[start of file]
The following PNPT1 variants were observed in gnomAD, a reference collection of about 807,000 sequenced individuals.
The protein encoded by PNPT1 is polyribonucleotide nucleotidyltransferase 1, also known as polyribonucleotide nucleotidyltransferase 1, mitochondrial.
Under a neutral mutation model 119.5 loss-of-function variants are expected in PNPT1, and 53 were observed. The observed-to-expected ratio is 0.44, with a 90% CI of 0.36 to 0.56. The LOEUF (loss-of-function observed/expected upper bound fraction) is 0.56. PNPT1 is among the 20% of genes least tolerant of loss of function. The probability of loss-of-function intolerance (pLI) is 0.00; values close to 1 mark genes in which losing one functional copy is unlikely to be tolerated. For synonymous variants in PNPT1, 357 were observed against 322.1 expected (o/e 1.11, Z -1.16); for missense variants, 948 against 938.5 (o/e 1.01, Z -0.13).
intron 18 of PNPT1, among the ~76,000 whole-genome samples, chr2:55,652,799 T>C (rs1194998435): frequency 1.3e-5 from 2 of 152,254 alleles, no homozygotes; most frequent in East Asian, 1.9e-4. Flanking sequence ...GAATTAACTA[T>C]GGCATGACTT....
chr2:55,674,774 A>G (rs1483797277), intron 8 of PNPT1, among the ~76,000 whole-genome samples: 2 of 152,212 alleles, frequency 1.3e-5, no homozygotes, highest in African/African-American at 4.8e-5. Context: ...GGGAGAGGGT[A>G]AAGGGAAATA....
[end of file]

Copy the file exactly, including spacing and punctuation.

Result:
The following PNPT1 variants were observed in gnomAD, a reference collection of about 807,000 sequenced individuals.
The protein encoded by PNPT1 is polyribonucleotide nucleotidyltransferase 1, also known as polyribonucleotide nucleotidyltransferase 1, mitochondrial.
Under a neutral mutation model 119.5 loss-of-function variants are expected in PNPT1, and 53 were observed. The observed-to-expected ratio is 0.44, with a 90% CI of 0.36 to 0.56. The LOEUF (loss-of-function observed/expected upper bound fraction) is 0.56. PNPT1 is among the 20% of genes least tolerant of loss of function. The probability of loss-of-function intolerance (pLI) is 0.00; values close to 1 mark genes in which losing one functional copy is unlikely to be tolerated. For synonymous variants in PNPT1, 357 were observed against 322.1 expected (o/e 1.11, Z -1.16); for missense variants, 948 against 938.5 (o/e 1.01, Z -0.13).
intron 18 of PNPT1, among the ~76,000 whole-genome samples, chr2:55,652,799 T>C (rs1194998435): frequency 1.3e-5 from 2 of 152,254 alleles, no homozygotes; most frequent in East Asian, 1.9e-4. Flanking sequence ...GAATTAACTA[T>C]GGCATGACTT....
chr2:55,674,774 A>G (rs1483797277), intron 8 of PNPT1, among the ~76,000 whole-genome samples: 2 of 152,212 alleles, frequency 1.3e-5, no homozygotes, highest in African/African-American at 4.8e-5. Context: ...GGGAGAGGGT[A>G]AAGGGAAATA....